If you wonder about the credentials of the participants, here are a couple of impressive biographies:
PAUL DESENNE: The 2009 Guggenheim Fellow Paul Desenne (below) began composition studies at the age of 14 under Greek composer Iannis Ioannidis, and as a cellist, he became a founding member of the Simón Bolívar Youth Orchestra in 1977. He moved to Paris and studied cello with Michel Strauss and Philippe Muller; composition with Marc-Olivier Dupin and Luc Ferrari. He won first prize in cello performance at the Conservatoire National Supérieur de Paris – the dean of the jury was the great Pierre Fournier.
His works are performed around the world, with venues and festivals including Alice Tully Hall at Lincoln Center and Weill Recital Hall at Carnegie Hall in New York, Laeiszhalle in Hamburg, Brooklyn Academy of Music, Juilliard, MoMA‘s Summergarden series in New York, the Sonic Boom Festival, Focus! Festival, Caramoor, Faneuil Hall in Boston, among many others.
His works have been performed by the Simón Bolívar Symphonic Orchestra, Kremerata Baltica, the Brooklyn Philharmonic, the Philharmonic Orchestra of the Americas, Boston Classical Orchestra, the Bogotá Philharmonic, I Musici de Montréal, the Miami Symphony, Nederlands Blasers Ensemble, the New Juilliard Ensemble, by various artist such as the Verdehr Trio, pianist Gabriela Montero, clarinetists Paquito d’Rivera and Jorge Montilla, flutists Luis Julio Toro, Marco Granados, Javier Montilla, and Jacques Zoon, violinists Alexis Cárdenas, Virginie Robilliard, and Jennifer Curtis, violinist/violist Nicholas Mann, and cellist Iseut Chuat, with conductors including Tania Léon, Olivier Grangean, Joel Sachs, Yuli Turovsky, among others
RICARDO LORENZ: Venezuelan-born Ricardo Lorenz has served as Composer-in-Residence in several programs and presenting organizations, such as the Chicago Symphony Orchestra’s Armonía Musicians Residency Program (1998-2003), the Billings Symphony (1998-1999), and Music in the Loft chamber music series (1999-2000).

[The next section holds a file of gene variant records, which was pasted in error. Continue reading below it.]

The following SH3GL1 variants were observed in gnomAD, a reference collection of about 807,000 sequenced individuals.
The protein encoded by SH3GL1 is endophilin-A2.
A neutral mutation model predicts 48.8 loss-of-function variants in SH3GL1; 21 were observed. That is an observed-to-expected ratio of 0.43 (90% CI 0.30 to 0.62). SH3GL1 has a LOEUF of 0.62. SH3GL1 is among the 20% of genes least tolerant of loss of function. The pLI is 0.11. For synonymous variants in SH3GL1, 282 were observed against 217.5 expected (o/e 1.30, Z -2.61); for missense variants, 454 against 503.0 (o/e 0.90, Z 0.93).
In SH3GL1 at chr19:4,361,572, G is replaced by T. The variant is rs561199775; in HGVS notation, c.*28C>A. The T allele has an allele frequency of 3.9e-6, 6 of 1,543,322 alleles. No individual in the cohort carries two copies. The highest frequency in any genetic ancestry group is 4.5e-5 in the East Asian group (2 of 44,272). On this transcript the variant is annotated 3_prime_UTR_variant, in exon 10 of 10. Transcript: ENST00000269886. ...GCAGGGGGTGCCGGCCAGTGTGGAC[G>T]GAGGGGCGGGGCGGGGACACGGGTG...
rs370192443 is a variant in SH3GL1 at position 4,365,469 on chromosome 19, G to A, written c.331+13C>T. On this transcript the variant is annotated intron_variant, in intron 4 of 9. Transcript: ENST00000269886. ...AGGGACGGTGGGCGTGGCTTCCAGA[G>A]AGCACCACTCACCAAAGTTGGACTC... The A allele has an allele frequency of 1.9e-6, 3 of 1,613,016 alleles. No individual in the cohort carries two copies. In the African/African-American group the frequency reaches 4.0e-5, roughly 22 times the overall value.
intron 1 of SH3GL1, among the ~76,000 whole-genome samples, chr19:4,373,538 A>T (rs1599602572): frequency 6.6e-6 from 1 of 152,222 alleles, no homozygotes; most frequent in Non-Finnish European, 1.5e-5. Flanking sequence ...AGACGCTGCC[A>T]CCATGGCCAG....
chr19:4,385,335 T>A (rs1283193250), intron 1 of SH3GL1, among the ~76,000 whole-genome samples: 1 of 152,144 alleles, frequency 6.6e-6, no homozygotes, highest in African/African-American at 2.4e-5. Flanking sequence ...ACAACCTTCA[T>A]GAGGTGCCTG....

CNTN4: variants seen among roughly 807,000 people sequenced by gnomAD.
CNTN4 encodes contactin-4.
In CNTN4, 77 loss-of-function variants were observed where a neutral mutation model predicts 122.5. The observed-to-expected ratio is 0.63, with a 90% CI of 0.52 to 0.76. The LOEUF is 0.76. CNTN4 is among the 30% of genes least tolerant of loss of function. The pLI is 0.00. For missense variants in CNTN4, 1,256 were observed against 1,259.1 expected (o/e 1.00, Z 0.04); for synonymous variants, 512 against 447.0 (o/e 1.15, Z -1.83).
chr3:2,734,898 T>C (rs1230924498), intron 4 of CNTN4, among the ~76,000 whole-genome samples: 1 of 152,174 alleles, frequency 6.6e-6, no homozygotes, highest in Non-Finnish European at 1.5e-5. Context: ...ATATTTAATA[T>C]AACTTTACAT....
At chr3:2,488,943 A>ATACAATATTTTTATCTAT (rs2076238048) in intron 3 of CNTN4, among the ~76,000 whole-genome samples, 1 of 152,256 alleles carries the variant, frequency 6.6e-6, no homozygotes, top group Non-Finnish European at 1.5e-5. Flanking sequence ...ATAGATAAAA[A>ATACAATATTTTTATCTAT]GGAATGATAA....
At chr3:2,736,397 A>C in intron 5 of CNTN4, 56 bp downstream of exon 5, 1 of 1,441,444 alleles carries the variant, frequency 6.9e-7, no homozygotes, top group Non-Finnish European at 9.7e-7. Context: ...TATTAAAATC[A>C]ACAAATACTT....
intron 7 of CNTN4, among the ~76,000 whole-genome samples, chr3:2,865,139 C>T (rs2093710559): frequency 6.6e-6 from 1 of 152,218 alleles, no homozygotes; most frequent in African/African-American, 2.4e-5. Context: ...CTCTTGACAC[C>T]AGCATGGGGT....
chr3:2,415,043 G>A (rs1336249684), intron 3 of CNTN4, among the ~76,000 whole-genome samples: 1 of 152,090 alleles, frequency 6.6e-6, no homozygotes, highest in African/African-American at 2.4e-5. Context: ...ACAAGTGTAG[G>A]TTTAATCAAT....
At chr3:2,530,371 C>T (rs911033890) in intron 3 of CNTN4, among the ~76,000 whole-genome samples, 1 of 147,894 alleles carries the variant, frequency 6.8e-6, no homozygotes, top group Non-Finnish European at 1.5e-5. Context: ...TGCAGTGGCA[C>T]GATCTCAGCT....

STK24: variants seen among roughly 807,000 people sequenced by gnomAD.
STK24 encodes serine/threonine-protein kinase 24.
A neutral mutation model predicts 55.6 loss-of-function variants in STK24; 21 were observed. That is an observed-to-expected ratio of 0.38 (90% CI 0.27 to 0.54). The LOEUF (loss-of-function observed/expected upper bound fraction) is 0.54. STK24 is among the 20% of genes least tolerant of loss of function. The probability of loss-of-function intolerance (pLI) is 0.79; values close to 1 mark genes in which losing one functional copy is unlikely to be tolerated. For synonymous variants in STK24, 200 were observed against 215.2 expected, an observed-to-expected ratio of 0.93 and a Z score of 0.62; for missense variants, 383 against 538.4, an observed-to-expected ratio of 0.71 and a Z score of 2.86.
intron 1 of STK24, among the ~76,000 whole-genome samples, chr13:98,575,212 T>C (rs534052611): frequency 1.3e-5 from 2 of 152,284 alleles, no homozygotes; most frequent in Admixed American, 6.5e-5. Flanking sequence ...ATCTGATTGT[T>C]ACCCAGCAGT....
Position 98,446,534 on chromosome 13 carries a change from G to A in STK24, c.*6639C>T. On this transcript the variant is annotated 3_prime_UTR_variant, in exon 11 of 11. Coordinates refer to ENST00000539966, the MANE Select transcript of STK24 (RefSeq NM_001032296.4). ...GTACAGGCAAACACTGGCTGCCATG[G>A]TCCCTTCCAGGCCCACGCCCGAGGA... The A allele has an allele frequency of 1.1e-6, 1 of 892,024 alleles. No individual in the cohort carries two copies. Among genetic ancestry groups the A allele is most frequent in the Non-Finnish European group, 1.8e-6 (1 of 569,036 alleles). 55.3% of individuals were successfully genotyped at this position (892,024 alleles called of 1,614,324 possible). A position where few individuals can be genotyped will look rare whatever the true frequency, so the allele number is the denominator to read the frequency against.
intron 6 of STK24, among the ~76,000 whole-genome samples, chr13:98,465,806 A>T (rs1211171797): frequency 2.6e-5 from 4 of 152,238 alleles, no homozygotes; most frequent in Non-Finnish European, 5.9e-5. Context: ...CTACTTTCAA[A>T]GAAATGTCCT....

Lorenz has also been the recipient of several other distinctions and awards from American Bandmasters Association, National Flute Association, Civitella Ranieri Foundation, Organization of American States (OAS), Concert Artists Guild, Meet-the-Composer, Barlow Endowment for Music Composition, the Newhouse Foundation, Illinois Community College Trustees Association, and ASCAP.
Although Ricardo Lorenz has resided in the United States since 1982, he has always maintained close ties with Latin America. Between 1987 and 1992, Ricardo Lorenz held the position of Interim Director of the Indiana University Latin American Music Center.
During this time he established a network of composers from the continent and compiled the sourcebook Scores and Recordings at Indiana University’s Latin American Music Center (Indiana University Press, 1995) nominated to receive the 1996 Best General Reference Source Award by the Association of Recorded Sound Collections. Ricardo Lorenz holds a Ph.D. degree in composition from the University of Chicago and a Master of Music degree from Indiana University. He studied composition under Juan Orrego Salas, Shulamit Ran and Donald Erb.
He has taught at Indiana University, The University of Chicago, City Colleges of Chicago, and he is currently Associate Professor of Composition at Michigan State University.
Lorenz’ compositions are published by Lauren Keiser Music and Boosey & Hawkes. They can also be heard on the following record labels: Arabesque Recordings, Albany Records, Indiana University LAMC Series, Doublemoon Records (Turkey), Urtex Digital Classics (Mexico), SOMM Recordings (UK), Cedille Records, and Navona Records.